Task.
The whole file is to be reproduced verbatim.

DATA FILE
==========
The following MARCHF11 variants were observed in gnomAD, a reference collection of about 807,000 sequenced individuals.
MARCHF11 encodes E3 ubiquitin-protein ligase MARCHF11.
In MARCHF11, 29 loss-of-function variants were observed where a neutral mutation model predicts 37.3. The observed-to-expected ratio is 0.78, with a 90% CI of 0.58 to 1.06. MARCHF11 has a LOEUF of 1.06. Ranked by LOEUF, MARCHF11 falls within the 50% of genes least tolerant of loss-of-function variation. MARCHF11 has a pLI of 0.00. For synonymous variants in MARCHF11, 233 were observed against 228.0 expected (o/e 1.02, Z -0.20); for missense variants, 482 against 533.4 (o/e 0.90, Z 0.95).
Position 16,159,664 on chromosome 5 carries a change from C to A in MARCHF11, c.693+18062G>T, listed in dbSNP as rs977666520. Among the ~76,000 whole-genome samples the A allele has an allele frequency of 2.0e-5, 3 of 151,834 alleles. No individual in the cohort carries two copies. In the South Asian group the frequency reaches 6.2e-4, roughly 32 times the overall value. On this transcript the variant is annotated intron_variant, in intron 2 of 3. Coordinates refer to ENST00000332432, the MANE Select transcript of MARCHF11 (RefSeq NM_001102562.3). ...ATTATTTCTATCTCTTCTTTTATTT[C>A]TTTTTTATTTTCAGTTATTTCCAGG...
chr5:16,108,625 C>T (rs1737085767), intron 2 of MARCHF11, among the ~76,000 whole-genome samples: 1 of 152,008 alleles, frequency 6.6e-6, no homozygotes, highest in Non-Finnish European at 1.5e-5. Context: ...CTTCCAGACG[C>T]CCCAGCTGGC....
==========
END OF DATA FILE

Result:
The following MARCHF11 variants were observed in gnomAD, a reference collection of about 807,000 sequenced individuals.
MARCHF11 encodes E3 ubiquitin-protein ligase MARCHF11.
In MARCHF11, 29 loss-of-function variants were observed where a neutral mutation model predicts 37.3. The observed-to-expected ratio is 0.78, with a 90% CI of 0.58 to 1.06. MARCHF11 has a LOEUF of 1.06. Ranked by LOEUF, MARCHF11 falls within the 50% of genes least tolerant of loss-of-function variation. MARCHF11 has a pLI of 0.00. For synonymous variants in MARCHF11, 233 were observed against 228.0 expected (o/e 1.02, Z -0.20); for missense variants, 482 against 533.4 (o/e 0.90, Z 0.95).
Position 16,159,664 on chromosome 5 carries a change from C to A in MARCHF11, c.693+18062G>T, listed in dbSNP as rs977666520. Among the ~76,000 whole-genome samples the A allele has an allele frequency of 2.0e-5, 3 of 151,834 alleles. No individual in the cohort carries two copies. In the South Asian group the frequency reaches 6.2e-4, roughly 32 times the overall value. On this transcript the variant is annotated intron_variant, in intron 2 of 3. Coordinates refer to ENST00000332432, the MANE Select transcript of MARCHF11 (RefSeq NM_001102562.3). ...ATTATTTCTATCTCTTCTTTTATTT[C>A]TTTTTTATTTTCAGTTATTTCCAGG...
chr5:16,108,625 C>T (rs1737085767), intron 2 of MARCHF11, among the ~76,000 whole-genome samples: 1 of 152,008 alleles, frequency 6.6e-6, no homozygotes, highest in Non-Finnish European at 1.5e-5. Context: ...CTTCCAGACG[C>T]CCCAGCTGGC....